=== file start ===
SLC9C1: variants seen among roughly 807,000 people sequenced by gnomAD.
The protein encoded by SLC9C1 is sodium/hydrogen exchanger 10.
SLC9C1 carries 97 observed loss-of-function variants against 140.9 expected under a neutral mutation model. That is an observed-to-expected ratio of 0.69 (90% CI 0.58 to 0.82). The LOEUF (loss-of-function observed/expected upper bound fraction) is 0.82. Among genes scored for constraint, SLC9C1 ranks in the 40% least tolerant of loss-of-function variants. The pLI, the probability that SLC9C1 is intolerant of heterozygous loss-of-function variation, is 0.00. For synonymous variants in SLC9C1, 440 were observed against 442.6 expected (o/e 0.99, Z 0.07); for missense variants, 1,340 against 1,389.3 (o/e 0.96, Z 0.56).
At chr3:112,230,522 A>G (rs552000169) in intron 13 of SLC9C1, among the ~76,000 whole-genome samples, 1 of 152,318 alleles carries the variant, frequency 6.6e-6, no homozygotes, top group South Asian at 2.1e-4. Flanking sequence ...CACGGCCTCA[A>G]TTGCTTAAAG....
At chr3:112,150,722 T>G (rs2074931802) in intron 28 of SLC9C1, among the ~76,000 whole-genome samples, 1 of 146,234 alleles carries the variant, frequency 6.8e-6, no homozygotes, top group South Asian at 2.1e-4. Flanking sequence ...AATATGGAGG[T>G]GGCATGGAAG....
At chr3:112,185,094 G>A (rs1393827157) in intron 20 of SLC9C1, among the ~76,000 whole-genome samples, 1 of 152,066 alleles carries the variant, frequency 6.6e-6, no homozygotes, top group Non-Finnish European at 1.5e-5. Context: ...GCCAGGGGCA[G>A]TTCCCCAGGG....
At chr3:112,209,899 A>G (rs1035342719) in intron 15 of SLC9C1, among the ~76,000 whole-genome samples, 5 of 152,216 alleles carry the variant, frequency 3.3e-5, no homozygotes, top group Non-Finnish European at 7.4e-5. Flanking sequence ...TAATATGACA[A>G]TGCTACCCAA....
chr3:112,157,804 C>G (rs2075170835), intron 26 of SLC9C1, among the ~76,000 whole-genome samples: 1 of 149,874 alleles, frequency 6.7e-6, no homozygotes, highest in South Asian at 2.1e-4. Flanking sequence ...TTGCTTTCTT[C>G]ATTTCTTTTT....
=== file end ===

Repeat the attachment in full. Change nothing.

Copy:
SLC9C1: variants seen among roughly 807,000 people sequenced by gnomAD.
The protein encoded by SLC9C1 is sodium/hydrogen exchanger 10.
SLC9C1 carries 97 observed loss-of-function variants against 140.9 expected under a neutral mutation model. That is an observed-to-expected ratio of 0.69 (90% CI 0.58 to 0.82). The LOEUF (loss-of-function observed/expected upper bound fraction) is 0.82. Among genes scored for constraint, SLC9C1 ranks in the 40% least tolerant of loss-of-function variants. The pLI, the probability that SLC9C1 is intolerant of heterozygous loss-of-function variation, is 0.00. For synonymous variants in SLC9C1, 440 were observed against 442.6 expected (o/e 0.99, Z 0.07); for missense variants, 1,340 against 1,389.3 (o/e 0.96, Z 0.56).
At chr3:112,230,522 A>G (rs552000169) in intron 13 of SLC9C1, among the ~76,000 whole-genome samples, 1 of 152,318 alleles carries the variant, frequency 6.6e-6, no homozygotes, top group South Asian at 2.1e-4. Flanking sequence ...CACGGCCTCA[A>G]TTGCTTAAAG....
At chr3:112,150,722 T>G (rs2074931802) in intron 28 of SLC9C1, among the ~76,000 whole-genome samples, 1 of 146,234 alleles carries the variant, frequency 6.8e-6, no homozygotes, top group South Asian at 2.1e-4. Flanking sequence ...AATATGGAGG[T>G]GGCATGGAAG....
At chr3:112,185,094 G>A (rs1393827157) in intron 20 of SLC9C1, among the ~76,000 whole-genome samples, 1 of 152,066 alleles carries the variant, frequency 6.6e-6, no homozygotes, top group Non-Finnish European at 1.5e-5. Context: ...GCCAGGGGCA[G>A]TTCCCCAGGG....
At chr3:112,209,899 A>G (rs1035342719) in intron 15 of SLC9C1, among the ~76,000 whole-genome samples, 5 of 152,216 alleles carry the variant, frequency 3.3e-5, no homozygotes, top group Non-Finnish European at 7.4e-5. Flanking sequence ...TAATATGACA[A>G]TGCTACCCAA....
chr3:112,157,804 C>G (rs2075170835), intron 26 of SLC9C1, among the ~76,000 whole-genome samples: 1 of 149,874 alleles, frequency 6.7e-6, no homozygotes, highest in South Asian at 2.1e-4. Flanking sequence ...TTGCTTTCTT[C>G]ATTTCTTTTT....